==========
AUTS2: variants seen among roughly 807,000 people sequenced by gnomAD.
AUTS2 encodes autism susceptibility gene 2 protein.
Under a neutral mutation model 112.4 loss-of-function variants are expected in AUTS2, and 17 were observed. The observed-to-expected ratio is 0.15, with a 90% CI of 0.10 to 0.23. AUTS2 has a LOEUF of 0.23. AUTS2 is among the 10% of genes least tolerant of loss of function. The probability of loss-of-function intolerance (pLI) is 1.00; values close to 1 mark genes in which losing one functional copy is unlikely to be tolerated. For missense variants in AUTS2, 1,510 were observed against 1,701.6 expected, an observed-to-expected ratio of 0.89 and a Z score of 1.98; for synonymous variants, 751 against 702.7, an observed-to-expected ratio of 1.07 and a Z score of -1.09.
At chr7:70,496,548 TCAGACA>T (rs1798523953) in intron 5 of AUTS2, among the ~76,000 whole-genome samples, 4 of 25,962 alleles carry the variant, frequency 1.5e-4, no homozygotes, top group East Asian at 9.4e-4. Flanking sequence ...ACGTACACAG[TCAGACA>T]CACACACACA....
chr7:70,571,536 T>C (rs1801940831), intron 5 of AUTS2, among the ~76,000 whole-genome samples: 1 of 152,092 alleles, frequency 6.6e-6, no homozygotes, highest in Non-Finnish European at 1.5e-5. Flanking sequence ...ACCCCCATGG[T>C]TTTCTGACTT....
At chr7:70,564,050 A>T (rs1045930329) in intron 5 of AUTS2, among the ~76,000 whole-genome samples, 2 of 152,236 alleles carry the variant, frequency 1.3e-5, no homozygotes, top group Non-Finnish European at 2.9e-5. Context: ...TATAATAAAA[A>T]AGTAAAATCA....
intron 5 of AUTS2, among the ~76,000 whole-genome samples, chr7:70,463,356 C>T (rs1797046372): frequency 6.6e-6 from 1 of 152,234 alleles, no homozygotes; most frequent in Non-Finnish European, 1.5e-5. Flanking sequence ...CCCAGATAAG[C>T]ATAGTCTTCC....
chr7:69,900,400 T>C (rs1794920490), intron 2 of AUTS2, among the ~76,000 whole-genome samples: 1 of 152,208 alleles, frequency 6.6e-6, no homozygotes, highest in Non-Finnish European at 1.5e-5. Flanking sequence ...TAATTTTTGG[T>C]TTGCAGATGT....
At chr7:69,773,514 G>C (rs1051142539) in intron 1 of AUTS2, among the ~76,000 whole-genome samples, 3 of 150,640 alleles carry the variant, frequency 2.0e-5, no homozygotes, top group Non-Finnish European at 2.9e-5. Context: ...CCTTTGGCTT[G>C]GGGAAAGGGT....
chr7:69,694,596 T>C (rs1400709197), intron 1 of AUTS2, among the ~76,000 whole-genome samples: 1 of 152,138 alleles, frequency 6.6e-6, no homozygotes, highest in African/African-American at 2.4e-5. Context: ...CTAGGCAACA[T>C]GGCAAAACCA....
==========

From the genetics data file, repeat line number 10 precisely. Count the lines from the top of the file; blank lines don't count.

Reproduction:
chr7:69,694,596 T>C (rs1400709197), intron 1 of AUTS2, among the ~76,000 whole-genome samples: 1 of 152,138 alleles, frequency 6.6e-6, no homozygotes, highest in African/African-American at 2.4e-5. Context: ...CTAGGCAACA[T>C]GGCAAAACCA....